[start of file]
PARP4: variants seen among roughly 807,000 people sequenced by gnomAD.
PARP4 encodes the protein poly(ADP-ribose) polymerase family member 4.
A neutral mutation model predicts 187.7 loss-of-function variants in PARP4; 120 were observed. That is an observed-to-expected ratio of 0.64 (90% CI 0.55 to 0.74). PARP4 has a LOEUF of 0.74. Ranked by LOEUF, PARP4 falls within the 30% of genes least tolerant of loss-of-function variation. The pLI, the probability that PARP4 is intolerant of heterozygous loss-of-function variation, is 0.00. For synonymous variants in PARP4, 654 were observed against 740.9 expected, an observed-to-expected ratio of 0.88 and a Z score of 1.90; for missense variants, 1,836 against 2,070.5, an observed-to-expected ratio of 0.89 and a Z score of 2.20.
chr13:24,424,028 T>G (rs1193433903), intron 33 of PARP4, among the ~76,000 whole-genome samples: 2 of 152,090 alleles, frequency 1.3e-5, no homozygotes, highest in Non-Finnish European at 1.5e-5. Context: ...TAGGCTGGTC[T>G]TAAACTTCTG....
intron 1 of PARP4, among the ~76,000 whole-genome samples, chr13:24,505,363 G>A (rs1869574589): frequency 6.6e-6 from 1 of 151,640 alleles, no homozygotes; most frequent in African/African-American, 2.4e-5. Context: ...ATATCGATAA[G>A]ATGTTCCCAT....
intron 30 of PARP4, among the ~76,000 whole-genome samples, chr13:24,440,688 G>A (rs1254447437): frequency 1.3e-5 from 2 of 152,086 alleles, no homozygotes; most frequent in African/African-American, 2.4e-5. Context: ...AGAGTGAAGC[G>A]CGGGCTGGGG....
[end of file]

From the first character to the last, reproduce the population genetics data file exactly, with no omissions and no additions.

PARP4: variants seen among roughly 807,000 people sequenced by gnomAD.
PARP4 encodes the protein poly(ADP-ribose) polymerase family member 4.
A neutral mutation model predicts 187.7 loss-of-function variants in PARP4; 120 were observed. That is an observed-to-expected ratio of 0.64 (90% CI 0.55 to 0.74). PARP4 has a LOEUF of 0.74. Ranked by LOEUF, PARP4 falls within the 30% of genes least tolerant of loss-of-function variation. The pLI, the probability that PARP4 is intolerant of heterozygous loss-of-function variation, is 0.00. For synonymous variants in PARP4, 654 were observed against 740.9 expected, an observed-to-expected ratio of 0.88 and a Z score of 1.90; for missense variants, 1,836 against 2,070.5, an observed-to-expected ratio of 0.89 and a Z score of 2.20.
chr13:24,424,028 T>G (rs1193433903), intron 33 of PARP4, among the ~76,000 whole-genome samples: 2 of 152,090 alleles, frequency 1.3e-5, no homozygotes, highest in Non-Finnish European at 1.5e-5. Context: ...TAGGCTGGTC[T>G]TAAACTTCTG....
intron 1 of PARP4, among the ~76,000 whole-genome samples, chr13:24,505,363 G>A (rs1869574589): frequency 6.6e-6 from 1 of 151,640 alleles, no homozygotes; most frequent in African/African-American, 2.4e-5. Context: ...ATATCGATAA[G>A]ATGTTCCCAT....
intron 30 of PARP4, among the ~76,000 whole-genome samples, chr13:24,440,688 G>A (rs1254447437): frequency 1.3e-5 from 2 of 152,086 alleles, no homozygotes; most frequent in African/African-American, 2.4e-5. Context: ...AGAGTGAAGC[G>A]CGGGCTGGGG....